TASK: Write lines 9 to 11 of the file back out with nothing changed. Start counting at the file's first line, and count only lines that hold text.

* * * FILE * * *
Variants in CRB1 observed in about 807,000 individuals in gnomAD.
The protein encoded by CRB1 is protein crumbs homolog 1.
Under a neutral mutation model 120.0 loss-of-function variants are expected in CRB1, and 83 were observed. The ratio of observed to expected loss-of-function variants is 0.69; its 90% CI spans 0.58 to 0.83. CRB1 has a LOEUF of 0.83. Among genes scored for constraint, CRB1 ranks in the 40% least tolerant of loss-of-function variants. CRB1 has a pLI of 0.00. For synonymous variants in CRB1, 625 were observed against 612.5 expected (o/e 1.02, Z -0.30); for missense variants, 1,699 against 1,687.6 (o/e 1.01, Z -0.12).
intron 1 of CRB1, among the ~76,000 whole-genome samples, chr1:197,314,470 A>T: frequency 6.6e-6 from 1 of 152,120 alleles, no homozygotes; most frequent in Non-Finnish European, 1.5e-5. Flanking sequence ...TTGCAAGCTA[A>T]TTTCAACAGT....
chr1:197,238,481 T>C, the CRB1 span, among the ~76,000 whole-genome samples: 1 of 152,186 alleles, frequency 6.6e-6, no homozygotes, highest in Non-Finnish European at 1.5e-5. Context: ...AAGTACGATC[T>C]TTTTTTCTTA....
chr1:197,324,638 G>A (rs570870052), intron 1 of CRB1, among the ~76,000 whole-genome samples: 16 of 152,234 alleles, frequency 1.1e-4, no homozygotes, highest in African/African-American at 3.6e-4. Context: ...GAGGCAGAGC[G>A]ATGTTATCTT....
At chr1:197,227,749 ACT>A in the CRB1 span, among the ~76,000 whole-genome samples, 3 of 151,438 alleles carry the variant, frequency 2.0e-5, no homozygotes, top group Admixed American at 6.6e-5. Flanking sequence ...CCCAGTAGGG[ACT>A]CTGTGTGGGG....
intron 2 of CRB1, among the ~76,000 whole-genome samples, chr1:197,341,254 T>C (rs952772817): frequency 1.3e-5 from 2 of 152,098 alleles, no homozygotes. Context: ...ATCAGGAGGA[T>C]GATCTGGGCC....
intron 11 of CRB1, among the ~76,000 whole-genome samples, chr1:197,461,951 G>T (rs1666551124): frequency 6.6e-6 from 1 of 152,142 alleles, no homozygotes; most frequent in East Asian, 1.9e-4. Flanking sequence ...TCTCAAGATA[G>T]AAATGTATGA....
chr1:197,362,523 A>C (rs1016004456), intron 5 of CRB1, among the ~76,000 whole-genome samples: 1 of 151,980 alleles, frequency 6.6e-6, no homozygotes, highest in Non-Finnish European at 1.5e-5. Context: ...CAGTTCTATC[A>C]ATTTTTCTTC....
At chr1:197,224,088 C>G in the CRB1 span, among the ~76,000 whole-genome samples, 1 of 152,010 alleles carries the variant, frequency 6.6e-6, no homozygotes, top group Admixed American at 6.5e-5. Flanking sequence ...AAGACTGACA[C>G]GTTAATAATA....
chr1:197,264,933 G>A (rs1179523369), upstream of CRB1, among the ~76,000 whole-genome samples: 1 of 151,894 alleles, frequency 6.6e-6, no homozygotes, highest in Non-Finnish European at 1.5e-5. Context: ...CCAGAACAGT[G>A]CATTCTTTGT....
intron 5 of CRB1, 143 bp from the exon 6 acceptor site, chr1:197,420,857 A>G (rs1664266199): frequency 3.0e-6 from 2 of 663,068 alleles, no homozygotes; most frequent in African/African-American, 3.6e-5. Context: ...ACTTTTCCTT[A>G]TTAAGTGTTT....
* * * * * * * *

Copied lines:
intron 11 of CRB1, among the ~76,000 whole-genome samples, chr1:197,461,951 G>T (rs1666551124): frequency 6.6e-6 from 1 of 152,142 alleles, no homozygotes; most frequent in East Asian, 1.9e-4. Flanking sequence ...TCTCAAGATA[G>T]AAATGTATGA....
chr1:197,362,523 A>C (rs1016004456), intron 5 of CRB1, among the ~76,000 whole-genome samples: 1 of 151,980 alleles, frequency 6.6e-6, no homozygotes, highest in Non-Finnish European at 1.5e-5. Context: ...CAGTTCTATC[A>C]ATTTTTCTTC....
At chr1:197,224,088 C>G in the CRB1 span, among the ~76,000 whole-genome samples, 1 of 152,010 alleles carries the variant, frequency 6.6e-6, no homozygotes, top group Admixed American at 6.5e-5. Flanking sequence ...AAGACTGACA[C>G]GTTAATAATA....